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  13. the_diego

    the_diego Member

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    Always questions on destructive effects once it hits. My question(s):

    How much of a chance does a soldier really have at firing those things at a tank within 100 meters? A tank moves where it wants to go, not meaning to give you a nice clear shot up close. As I imagine it, you'll come within firing distance of an enemy tank if:
    1. It's coming towards you (not enough to run you over)
    2. you survived the enemy's artillery barrage, or that of a prior tank.
    3. no other tank has hosed you down with its machine guns.
    4. none of the enemy's supporting infantry has spotted you.
     
  14. Carronade

    Carronade Ace Patron  

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    The value of infantry anti-tank weapons wasn't just the tanks they killed but also the caution they imposed on tankers, knowing that any bush or wall or fold in the ground might conceal an infantryman with a weapon capable of destroying a tank. Consider for example how the proliferation of Panzerfausten impacted Allied tankers in the last year of the war. Footsoldiers were no longer in the helpless target category.
     
  15. Triple C

    Triple C Ace

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    Against tanks with sloped side armor, the gunner would have to know what point to aim and the favorable angles for taking the shot. That's pretty hard, especially if the enemy is pushing the tanks with combined-arms tactics.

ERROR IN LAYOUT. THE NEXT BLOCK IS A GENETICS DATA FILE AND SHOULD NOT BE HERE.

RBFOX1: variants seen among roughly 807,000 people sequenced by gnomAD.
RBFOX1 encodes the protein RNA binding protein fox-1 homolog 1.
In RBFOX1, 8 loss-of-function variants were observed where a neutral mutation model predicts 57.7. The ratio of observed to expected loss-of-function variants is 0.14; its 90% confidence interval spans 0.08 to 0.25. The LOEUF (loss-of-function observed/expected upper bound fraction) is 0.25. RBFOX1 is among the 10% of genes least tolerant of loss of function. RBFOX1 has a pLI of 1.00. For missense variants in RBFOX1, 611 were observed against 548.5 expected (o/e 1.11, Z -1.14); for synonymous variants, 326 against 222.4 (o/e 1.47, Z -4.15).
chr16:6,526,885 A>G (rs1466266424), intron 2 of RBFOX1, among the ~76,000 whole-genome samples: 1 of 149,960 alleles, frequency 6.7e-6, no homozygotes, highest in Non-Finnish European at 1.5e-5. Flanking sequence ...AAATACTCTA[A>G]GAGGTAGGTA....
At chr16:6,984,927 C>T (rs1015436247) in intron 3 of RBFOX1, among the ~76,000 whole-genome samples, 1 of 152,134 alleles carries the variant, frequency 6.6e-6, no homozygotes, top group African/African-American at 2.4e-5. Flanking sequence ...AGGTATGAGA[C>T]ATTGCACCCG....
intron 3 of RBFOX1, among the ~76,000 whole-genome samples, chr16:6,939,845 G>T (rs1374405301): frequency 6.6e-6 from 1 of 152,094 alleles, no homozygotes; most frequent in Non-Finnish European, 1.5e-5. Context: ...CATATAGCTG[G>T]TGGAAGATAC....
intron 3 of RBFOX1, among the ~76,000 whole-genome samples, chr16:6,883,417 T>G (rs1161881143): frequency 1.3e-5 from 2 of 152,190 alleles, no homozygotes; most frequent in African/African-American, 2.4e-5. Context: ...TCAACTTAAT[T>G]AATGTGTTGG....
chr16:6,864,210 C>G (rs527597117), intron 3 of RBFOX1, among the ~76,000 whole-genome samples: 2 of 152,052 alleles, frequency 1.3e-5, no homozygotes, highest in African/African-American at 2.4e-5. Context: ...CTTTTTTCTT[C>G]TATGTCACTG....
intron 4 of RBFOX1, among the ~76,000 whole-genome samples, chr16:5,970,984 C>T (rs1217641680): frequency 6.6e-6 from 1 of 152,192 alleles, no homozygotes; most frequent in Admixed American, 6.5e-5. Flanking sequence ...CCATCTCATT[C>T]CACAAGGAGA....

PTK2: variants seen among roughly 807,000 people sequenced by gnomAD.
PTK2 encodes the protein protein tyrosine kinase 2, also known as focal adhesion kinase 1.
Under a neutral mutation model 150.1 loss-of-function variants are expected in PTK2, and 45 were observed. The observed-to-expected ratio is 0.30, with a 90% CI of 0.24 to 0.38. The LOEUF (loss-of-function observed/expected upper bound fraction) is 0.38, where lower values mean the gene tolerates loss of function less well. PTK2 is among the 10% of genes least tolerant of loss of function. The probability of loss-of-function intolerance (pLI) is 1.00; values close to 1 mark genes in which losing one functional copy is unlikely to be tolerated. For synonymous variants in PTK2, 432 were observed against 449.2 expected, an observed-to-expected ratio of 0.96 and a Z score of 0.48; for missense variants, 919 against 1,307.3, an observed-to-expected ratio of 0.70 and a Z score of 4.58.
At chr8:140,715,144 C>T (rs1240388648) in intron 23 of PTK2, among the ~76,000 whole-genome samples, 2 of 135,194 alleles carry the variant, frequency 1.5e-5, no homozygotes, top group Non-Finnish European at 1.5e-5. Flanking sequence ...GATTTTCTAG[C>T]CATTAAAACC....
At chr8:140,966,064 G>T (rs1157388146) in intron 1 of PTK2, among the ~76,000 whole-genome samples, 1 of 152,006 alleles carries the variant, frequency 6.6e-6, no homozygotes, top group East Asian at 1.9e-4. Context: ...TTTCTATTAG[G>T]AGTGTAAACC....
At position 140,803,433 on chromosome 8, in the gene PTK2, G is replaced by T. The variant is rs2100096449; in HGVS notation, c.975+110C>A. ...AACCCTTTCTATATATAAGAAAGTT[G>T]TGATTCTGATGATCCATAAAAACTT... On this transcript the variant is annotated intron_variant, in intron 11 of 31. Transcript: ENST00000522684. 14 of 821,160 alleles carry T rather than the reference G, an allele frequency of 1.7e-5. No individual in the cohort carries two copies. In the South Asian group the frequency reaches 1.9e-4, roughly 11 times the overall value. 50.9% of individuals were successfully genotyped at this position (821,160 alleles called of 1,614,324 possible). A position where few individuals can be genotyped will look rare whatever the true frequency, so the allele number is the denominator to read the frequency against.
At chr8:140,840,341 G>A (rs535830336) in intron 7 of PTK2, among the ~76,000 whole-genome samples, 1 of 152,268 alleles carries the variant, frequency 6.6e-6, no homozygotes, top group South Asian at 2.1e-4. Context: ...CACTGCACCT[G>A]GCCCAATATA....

16. KodiakBeer

    KodiakBeer Member

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    You'd think any hit on the tread or bogey wheels would instantly immobilize the tank. Of course, the late war skirting on panzers makes this more difficult, but you still have tread exposed fore and aft. I don't know where allied troops were trained to aim their various AT pieces, does anyone know?

    .
     
  17. harolds

    harolds Member

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    Some observations and thoughts: The American M9A1 AT rifle grenade was rated at being able to penetrate 60mm of armor. The 2.36' bazooka was rated at 80mm. The Piat at 75mm. The Germans had a AT rifle grenade that was supposed to penetrate 125mm and an AT grenade for their flare guns that was supposed to penetrate 80mm. All this compared to the panzerfaust which had a nominal penetration of 200mm!. All this with the caveat that "armor" can be very different from country to country. (All this from Ian Hogg.)

    I'm not sure that any Allied rifle grenade would be effective if the German tank had side skirts and applique spaced armor. The side skirts were to combat Soviet AT rifles but also worked against shaped-charge rounds.

    Infantry vs tanks: Actually, the infantry has some advantages here. When attacked by a combined armor-infantry force, the recommended tactical response was to engage the attacking force with mortars, arty, and MGs. This forces the accompanying infantry to take cover and the tankers to button up. This really makes the tanks vulnerable and if the defenders positions are well camouflaged and the tanks continued the attack, the defenders then could hunker down, let the tanks roll over or by them and then attack the tanks in their vulnerable rears. A lot of times tanks would abandon their attack if their infantry was pinned down.

    Why the Germans would send tanks into a built up area first is beyond me. That's a big tactical no-no.

    I'm not sure just one hit on a bogy wheel or track would necessarily cripple the tank. The holes these small AT rounds produced were correspondingly small.